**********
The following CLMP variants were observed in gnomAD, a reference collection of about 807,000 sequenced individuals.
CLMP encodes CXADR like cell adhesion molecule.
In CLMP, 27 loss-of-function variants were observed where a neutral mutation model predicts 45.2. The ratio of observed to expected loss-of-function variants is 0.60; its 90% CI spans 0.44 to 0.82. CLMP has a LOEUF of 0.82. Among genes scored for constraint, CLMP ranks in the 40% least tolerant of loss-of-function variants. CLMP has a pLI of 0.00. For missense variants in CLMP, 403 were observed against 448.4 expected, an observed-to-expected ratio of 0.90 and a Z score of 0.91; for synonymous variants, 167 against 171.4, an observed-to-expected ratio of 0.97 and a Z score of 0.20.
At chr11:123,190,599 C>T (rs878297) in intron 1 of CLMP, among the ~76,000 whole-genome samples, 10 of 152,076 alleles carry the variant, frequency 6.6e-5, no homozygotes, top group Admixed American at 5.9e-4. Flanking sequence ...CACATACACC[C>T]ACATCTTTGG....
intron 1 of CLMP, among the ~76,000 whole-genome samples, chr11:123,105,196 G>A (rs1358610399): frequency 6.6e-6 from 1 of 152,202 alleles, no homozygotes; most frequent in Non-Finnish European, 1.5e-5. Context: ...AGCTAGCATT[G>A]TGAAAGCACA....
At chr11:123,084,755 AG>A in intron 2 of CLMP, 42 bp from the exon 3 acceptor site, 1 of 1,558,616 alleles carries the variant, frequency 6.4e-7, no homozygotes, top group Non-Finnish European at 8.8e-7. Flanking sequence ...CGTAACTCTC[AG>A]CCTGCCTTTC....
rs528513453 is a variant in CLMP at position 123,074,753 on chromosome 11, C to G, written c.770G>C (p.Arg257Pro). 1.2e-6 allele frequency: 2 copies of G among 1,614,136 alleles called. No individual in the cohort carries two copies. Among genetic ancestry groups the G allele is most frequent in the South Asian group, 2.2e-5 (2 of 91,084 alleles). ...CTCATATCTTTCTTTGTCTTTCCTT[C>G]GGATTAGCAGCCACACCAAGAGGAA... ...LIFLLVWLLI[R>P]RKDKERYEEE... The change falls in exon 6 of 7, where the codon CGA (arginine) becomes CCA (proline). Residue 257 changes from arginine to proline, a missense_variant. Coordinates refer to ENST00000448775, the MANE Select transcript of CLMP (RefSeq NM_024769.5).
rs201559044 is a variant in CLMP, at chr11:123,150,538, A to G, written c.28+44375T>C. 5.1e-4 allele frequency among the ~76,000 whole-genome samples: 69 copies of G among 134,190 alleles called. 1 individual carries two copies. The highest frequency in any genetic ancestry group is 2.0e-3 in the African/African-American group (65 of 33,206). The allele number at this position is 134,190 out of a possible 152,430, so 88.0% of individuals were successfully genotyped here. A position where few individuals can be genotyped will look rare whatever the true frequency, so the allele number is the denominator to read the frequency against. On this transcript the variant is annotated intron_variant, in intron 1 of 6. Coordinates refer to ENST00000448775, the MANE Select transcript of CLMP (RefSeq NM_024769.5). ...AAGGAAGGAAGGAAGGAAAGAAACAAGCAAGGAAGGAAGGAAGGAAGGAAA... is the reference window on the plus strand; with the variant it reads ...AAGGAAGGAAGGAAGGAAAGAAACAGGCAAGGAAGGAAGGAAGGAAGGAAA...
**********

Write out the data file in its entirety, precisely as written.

The following CLMP variants were observed in gnomAD, a reference collection of about 807,000 sequenced individuals.
CLMP encodes CXADR like cell adhesion molecule.
In CLMP, 27 loss-of-function variants were observed where a neutral mutation model predicts 45.2. The ratio of observed to expected loss-of-function variants is 0.60; its 90% CI spans 0.44 to 0.82. CLMP has a LOEUF of 0.82. Among genes scored for constraint, CLMP ranks in the 40% least tolerant of loss-of-function variants. CLMP has a pLI of 0.00. For missense variants in CLMP, 403 were observed against 448.4 expected, an observed-to-expected ratio of 0.90 and a Z score of 0.91; for synonymous variants, 167 against 171.4, an observed-to-expected ratio of 0.97 and a Z score of 0.20.
At chr11:123,190,599 C>T (rs878297) in intron 1 of CLMP, among the ~76,000 whole-genome samples, 10 of 152,076 alleles carry the variant, frequency 6.6e-5, no homozygotes, top group Admixed American at 5.9e-4. Flanking sequence ...CACATACACC[C>T]ACATCTTTGG....
intron 1 of CLMP, among the ~76,000 whole-genome samples, chr11:123,105,196 G>A (rs1358610399): frequency 6.6e-6 from 1 of 152,202 alleles, no homozygotes; most frequent in Non-Finnish European, 1.5e-5. Context: ...AGCTAGCATT[G>A]TGAAAGCACA....
At chr11:123,084,755 AG>A in intron 2 of CLMP, 42 bp from the exon 3 acceptor site, 1 of 1,558,616 alleles carries the variant, frequency 6.4e-7, no homozygotes, top group Non-Finnish European at 8.8e-7. Flanking sequence ...CGTAACTCTC[AG>A]CCTGCCTTTC....
rs528513453 is a variant in CLMP at position 123,074,753 on chromosome 11, C to G, written c.770G>C (p.Arg257Pro). 1.2e-6 allele frequency: 2 copies of G among 1,614,136 alleles called. No individual in the cohort carries two copies. Among genetic ancestry groups the G allele is most frequent in the South Asian group, 2.2e-5 (2 of 91,084 alleles). ...CTCATATCTTTCTTTGTCTTTCCTT[C>G]GGATTAGCAGCCACACCAAGAGGAA... ...LIFLLVWLLI[R>P]RKDKERYEEE... The change falls in exon 6 of 7, where the codon CGA (arginine) becomes CCA (proline). Residue 257 changes from arginine to proline, a missense_variant. Coordinates refer to ENST00000448775, the MANE Select transcript of CLMP (RefSeq NM_024769.5).
rs201559044 is a variant in CLMP, at chr11:123,150,538, A to G, written c.28+44375T>C. 5.1e-4 allele frequency among the ~76,000 whole-genome samples: 69 copies of G among 134,190 alleles called. 1 individual carries two copies. The highest frequency in any genetic ancestry group is 2.0e-3 in the African/African-American group (65 of 33,206). The allele number at this position is 134,190 out of a possible 152,430, so 88.0% of individuals were successfully genotyped here. A position where few individuals can be genotyped will look rare whatever the true frequency, so the allele number is the denominator to read the frequency against. On this transcript the variant is annotated intron_variant, in intron 1 of 6. Coordinates refer to ENST00000448775, the MANE Select transcript of CLMP (RefSeq NM_024769.5). ...AAGGAAGGAAGGAAGGAAAGAAACAAGCAAGGAAGGAAGGAAGGAAGGAAA... is the reference window on the plus strand; with the variant it reads ...AAGGAAGGAAGGAAGGAAAGAAACAGGCAAGGAAGGAAGGAAGGAAGGAAA...